The Remaining Right Side of the Buddha
Part 11: More Angkor
Friday - May 28, 1993
The following morning, we were up early and at the top of the wat for sunrise. The sky was overcast, however, and it was a missed
show. Back at the libraries two photographers, one shooting for Time magazine and the other with Magnum were photographing
the families that we 'd hung out with the night before.
By 7:00 am we were back at the guest house to wash up. Tim, an American I'd met in Phnom Penh, had just arrived with two other
guys; Jeff, also from the States , and Andrew from England. They had taken the commercial flight as we had but it turned out to be
a helicopter. They took rooms at Mom's so we had a full house. They told us about a shooting incident just in front of the Capitol.
The cops shot a motorbike thief multiple times, killing him and amazing the onlookers which included a traveler who got photos of
the bloody episode.
After washing up we returned to the ruins and spent the day exploring, mostly at Angkor Thom.
Saturday - May 29, 1993
On Saturday, Jack & I again hired bikes and spent the day at Angkor Wat, Angkor Thom, Ta Prohm and Preah Khan.
Preah Khan, north of Angkor Thom's north gate, was less frequently visited. The place was deserted save for a lone government
soldier guarding the dirt path that led to the entrance. As we approached, the soldier looked up from loading his rifle and eyed us
suspiciously. Expecting him to demand money from us, we avoided eye contact and walked past him towards the ruins barely visible
in the encroaching jungle. After we were fifty yards down the path, the solider shouted something at us. We quickened our pace
but didn't look back. Now we were alone within the fallen temple walls. Then a gun shot rang out, piercing the ominous silence of
The only way out was back the way we'd come past the trigger happy soldier. A second shot rang out. We realized we were being
paranoid to think that these gun shots had anything to do with us and determined to enjoy the mystique of our surroundings. We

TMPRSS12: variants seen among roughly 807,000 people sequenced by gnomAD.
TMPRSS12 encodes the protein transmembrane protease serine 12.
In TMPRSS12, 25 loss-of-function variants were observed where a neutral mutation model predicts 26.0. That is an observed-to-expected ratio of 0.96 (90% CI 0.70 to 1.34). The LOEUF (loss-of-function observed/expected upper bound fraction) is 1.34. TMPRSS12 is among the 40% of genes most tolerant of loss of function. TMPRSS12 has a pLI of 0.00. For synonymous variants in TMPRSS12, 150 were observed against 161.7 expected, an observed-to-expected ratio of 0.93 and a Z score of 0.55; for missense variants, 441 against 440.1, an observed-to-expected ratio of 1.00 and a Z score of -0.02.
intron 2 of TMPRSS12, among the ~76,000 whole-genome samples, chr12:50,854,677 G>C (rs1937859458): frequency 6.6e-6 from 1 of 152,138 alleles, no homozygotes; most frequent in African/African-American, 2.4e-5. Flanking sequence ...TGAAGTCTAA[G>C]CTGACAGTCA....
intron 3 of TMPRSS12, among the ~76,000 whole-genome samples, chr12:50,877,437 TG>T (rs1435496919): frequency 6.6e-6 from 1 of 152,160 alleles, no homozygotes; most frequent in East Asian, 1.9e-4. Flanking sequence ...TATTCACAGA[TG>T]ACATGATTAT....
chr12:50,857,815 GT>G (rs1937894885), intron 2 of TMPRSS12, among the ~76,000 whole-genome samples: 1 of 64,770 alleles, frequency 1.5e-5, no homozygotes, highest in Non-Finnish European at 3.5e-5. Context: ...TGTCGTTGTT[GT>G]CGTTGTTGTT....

quickly forgot about the soldier as our attention was drawn deeper into the dark magic of the temple ruins.
It was to be my last day in Angkor and my choice for where to spend much of it was Ta Prohm. We spent over 3 hours there mostly
alone with the temple kids. A French couple wandered in for a short visit; tourists accompanied by a well-armed Khmer guard. Later,
Tim, Jeff and Andrew showed up.
A great thing about visiting these sites is that we were free to go wherever we wanted and to climb in and on the ruins. This, in sharp
contrast with the fenced-off, view-from-a-distance situation at tourist spots throughout the western world. The kids climbed with us
when we climbed and sat patiently when we sat. We became increasingly facile at non-verbal communication.
After a few hours, we were back in front at the road when we heard a serious sounding explosion unlike anything we'd heard over
the past few days. My reaction in these situations was to look to the local people to see how they were reacting. Pete, my driver,
appeared calm and looking solemn said it was a land-mine. But when a second and third explosion followed he suddenly looked
real worried and, blurting out "let's go", jumped on the bike. I quickly followed suit and we sped off with Jack and San just behind.
By the time we reached Angkor Wat, all seemed calm - the danger seemed to have disappeared as suddenly as it had come. We
stopped at the wat to await sunset. Ken and Paul were there with Kom Sothea. When Ken and Paul left, Jack and I went with Kom
Sothea to the monastery. I gave him some money to help with his ticket back to Phnom Penh and Jack, who was planning to stay
the next two nights at the monastery, promised to do the same.
We climbed the temple for sunset. In the distance, in the direction of the airport, we saw a large column of smoke. A helicopter flew
above the smoke with a load suspended from its underside.
We had dinner at a food stall serving Thai style noodles and sweets and then pooled our resources and indulged in a case of Victoria
Bitter back at the guest house.